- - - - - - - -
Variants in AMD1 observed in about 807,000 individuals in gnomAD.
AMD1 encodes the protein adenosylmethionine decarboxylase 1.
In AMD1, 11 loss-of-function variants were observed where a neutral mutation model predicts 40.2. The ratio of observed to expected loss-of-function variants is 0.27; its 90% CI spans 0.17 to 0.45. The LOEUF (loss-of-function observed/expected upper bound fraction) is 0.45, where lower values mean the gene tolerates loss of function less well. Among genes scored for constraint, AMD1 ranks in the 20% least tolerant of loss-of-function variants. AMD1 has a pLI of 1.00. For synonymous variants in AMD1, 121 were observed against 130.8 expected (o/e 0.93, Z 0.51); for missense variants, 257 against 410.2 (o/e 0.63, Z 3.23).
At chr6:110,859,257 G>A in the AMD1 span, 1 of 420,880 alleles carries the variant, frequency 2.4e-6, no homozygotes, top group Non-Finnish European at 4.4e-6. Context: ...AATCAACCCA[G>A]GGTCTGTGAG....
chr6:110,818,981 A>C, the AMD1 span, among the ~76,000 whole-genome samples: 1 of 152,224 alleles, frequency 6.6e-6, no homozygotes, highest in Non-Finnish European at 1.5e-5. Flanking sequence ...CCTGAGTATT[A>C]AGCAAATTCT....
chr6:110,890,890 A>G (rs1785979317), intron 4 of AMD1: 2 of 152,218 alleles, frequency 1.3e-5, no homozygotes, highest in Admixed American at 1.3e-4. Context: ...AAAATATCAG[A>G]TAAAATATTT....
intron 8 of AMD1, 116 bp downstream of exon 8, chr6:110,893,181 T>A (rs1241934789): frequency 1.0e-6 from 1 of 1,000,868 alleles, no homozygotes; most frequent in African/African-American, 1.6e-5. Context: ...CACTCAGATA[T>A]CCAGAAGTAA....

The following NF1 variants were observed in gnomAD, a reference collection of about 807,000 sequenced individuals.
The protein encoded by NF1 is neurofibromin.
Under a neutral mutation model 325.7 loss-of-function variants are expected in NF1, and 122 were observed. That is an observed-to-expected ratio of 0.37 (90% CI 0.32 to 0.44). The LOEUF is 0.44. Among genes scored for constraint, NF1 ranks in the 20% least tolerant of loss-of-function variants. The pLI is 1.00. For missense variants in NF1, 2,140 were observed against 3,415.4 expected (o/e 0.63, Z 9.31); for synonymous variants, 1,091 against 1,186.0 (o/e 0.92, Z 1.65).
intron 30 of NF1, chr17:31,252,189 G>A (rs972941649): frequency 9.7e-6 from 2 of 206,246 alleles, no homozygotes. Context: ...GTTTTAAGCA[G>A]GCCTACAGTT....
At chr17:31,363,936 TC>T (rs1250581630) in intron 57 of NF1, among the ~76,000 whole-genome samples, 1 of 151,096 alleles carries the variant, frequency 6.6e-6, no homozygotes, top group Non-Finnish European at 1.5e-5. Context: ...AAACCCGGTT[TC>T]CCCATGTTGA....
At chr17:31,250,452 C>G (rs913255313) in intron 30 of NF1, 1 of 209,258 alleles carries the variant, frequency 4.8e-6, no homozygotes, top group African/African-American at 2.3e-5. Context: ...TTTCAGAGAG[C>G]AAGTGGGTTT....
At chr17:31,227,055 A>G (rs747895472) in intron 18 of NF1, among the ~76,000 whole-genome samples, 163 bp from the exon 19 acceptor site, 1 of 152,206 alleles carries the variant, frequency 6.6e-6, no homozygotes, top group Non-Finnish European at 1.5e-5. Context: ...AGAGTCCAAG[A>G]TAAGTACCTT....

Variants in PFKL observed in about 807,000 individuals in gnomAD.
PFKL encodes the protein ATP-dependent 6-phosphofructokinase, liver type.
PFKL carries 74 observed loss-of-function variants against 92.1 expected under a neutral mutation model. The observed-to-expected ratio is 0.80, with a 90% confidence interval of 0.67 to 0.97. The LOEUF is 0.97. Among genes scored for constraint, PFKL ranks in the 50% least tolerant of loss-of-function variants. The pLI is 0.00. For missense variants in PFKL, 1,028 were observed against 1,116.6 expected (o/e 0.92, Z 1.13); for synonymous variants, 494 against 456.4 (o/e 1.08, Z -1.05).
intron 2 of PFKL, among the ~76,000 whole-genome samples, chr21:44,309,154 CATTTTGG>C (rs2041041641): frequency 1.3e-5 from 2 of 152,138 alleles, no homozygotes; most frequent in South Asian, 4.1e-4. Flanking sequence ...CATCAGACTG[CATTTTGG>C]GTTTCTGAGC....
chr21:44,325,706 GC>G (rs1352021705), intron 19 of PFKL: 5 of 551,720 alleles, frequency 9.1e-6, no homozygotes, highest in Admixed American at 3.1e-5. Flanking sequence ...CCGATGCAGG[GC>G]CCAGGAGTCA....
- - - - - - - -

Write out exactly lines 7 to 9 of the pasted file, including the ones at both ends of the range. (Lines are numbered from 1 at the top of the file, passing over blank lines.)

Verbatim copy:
intron 8 of AMD1, 116 bp downstream of exon 8, chr6:110,893,181 T>A (rs1241934789): frequency 1.0e-6 from 1 of 1,000,868 alleles, no homozygotes; most frequent in African/African-American, 1.6e-5. Context: ...CACTCAGATA[T>A]CCAGAAGTAA....

The following NF1 variants were observed in gnomAD, a reference collection of about 807,000 sequenced individuals.
The protein encoded by NF1 is neurofibromin.